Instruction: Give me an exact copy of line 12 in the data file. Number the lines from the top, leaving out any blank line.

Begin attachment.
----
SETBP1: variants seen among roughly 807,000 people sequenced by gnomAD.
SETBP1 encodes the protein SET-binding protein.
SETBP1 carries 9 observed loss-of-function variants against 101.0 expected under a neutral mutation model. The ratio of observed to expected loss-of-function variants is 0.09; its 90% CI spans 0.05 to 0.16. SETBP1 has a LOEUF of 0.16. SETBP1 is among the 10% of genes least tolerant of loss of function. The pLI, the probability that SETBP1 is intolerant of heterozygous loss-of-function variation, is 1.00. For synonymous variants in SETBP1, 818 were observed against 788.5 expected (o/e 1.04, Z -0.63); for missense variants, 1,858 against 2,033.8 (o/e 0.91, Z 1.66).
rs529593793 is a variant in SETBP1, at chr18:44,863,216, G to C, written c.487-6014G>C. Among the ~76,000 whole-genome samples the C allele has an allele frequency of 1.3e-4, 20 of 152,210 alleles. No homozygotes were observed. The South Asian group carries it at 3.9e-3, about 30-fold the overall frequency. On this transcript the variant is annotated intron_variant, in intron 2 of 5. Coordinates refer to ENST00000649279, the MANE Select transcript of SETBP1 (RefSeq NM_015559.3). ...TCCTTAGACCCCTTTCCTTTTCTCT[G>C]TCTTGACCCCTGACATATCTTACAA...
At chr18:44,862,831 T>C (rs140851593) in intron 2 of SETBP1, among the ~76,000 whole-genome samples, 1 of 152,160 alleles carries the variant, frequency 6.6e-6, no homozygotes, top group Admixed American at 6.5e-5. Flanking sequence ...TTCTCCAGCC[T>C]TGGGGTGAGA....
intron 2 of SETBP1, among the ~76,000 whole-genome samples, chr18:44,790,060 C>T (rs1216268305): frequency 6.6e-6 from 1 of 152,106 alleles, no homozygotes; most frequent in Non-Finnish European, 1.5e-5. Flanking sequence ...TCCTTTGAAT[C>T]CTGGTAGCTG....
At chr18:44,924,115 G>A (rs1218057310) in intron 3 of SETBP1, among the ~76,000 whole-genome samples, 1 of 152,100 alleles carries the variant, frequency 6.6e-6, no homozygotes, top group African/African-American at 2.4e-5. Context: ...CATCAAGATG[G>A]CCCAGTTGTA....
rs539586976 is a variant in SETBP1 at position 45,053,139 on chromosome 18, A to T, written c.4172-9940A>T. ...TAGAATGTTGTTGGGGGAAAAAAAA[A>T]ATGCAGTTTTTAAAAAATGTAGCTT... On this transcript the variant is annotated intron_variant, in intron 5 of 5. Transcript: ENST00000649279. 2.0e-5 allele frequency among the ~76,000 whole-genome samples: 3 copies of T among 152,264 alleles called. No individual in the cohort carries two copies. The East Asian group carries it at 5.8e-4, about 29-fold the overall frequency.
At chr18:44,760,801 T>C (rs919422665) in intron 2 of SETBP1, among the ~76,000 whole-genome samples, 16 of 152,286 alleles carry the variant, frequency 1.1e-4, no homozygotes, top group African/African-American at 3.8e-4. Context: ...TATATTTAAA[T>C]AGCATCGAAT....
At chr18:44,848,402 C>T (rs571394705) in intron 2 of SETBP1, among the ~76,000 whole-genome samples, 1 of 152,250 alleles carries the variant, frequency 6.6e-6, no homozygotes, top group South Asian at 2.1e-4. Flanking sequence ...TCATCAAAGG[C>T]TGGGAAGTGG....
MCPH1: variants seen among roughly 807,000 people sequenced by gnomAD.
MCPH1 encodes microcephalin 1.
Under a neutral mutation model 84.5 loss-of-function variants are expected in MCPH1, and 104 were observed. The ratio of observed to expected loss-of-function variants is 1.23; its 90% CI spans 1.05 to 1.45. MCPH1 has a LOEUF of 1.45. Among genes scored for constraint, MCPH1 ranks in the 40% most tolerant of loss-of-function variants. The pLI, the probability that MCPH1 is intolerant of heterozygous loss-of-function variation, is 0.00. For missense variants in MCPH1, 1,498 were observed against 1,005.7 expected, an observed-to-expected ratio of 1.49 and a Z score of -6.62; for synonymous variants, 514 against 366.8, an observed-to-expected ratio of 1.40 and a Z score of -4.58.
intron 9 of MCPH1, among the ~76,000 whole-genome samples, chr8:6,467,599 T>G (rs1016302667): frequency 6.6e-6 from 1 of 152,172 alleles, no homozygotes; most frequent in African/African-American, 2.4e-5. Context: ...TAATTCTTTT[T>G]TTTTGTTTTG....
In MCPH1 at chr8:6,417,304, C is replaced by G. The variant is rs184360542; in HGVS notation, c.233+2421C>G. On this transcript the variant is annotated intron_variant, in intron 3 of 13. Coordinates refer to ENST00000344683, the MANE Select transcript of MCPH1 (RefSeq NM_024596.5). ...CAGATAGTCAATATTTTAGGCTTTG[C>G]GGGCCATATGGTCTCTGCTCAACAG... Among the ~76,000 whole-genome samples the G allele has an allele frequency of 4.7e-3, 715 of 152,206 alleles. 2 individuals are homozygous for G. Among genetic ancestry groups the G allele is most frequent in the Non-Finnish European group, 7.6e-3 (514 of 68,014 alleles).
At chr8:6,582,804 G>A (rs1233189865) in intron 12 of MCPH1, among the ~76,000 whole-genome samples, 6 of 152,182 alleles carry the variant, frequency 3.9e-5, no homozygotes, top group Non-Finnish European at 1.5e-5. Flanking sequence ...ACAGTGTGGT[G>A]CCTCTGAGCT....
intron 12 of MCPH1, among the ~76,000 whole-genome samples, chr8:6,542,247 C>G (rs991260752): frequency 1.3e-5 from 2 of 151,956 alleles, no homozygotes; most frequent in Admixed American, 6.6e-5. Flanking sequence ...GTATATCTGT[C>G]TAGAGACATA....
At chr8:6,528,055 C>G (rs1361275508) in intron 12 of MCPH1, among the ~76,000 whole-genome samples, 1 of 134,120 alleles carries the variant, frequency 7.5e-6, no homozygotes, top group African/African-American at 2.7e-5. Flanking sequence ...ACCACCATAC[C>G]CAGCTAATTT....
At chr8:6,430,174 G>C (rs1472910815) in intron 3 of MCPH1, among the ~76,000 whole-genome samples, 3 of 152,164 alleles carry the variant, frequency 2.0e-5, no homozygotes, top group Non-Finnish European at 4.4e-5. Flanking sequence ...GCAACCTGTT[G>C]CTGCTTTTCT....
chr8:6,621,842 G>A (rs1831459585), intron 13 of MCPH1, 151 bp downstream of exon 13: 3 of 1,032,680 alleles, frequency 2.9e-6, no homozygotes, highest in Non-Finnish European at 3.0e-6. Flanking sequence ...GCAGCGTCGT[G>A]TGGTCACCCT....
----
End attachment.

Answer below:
MCPH1 encodes microcephalin 1.